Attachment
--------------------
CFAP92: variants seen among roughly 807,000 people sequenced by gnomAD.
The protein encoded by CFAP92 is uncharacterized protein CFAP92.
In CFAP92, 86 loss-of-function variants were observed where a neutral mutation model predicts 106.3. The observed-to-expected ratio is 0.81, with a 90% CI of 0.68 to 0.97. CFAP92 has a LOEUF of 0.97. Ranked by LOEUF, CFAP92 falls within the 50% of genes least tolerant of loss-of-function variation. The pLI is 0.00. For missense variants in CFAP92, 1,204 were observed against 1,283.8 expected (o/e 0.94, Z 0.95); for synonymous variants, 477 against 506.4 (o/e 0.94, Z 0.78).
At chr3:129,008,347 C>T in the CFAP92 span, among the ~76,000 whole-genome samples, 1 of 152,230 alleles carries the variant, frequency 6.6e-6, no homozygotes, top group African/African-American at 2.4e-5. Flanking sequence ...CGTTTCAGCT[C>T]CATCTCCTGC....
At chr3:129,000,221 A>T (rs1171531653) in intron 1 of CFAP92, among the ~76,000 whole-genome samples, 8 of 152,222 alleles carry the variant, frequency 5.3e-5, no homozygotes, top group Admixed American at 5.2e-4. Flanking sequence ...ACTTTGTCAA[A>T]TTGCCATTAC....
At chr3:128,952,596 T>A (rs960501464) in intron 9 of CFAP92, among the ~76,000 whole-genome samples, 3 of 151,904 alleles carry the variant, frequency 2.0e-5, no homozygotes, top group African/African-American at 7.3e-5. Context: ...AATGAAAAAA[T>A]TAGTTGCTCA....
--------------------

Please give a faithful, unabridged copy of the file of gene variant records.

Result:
CFAP92: variants seen among roughly 807,000 people sequenced by gnomAD.
The protein encoded by CFAP92 is uncharacterized protein CFAP92.
In CFAP92, 86 loss-of-function variants were observed where a neutral mutation model predicts 106.3. The observed-to-expected ratio is 0.81, with a 90% CI of 0.68 to 0.97. CFAP92 has a LOEUF of 0.97. Ranked by LOEUF, CFAP92 falls within the 50% of genes least tolerant of loss-of-function variation. The pLI is 0.00. For missense variants in CFAP92, 1,204 were observed against 1,283.8 expected (o/e 0.94, Z 0.95); for synonymous variants, 477 against 506.4 (o/e 0.94, Z 0.78).
At chr3:129,008,347 C>T in the CFAP92 span, among the ~76,000 whole-genome samples, 1 of 152,230 alleles carries the variant, frequency 6.6e-6, no homozygotes, top group African/African-American at 2.4e-5. Flanking sequence ...CGTTTCAGCT[C>T]CATCTCCTGC....
At chr3:129,000,221 A>T (rs1171531653) in intron 1 of CFAP92, among the ~76,000 whole-genome samples, 8 of 152,222 alleles carry the variant, frequency 5.3e-5, no homozygotes, top group Admixed American at 5.2e-4. Flanking sequence ...ACTTTGTCAA[A>T]TTGCCATTAC....
At chr3:128,952,596 T>A (rs960501464) in intron 9 of CFAP92, among the ~76,000 whole-genome samples, 3 of 151,904 alleles carry the variant, frequency 2.0e-5, no homozygotes, top group African/African-American at 7.3e-5. Context: ...AATGAAAAAA[T>A]TAGTTGCTCA....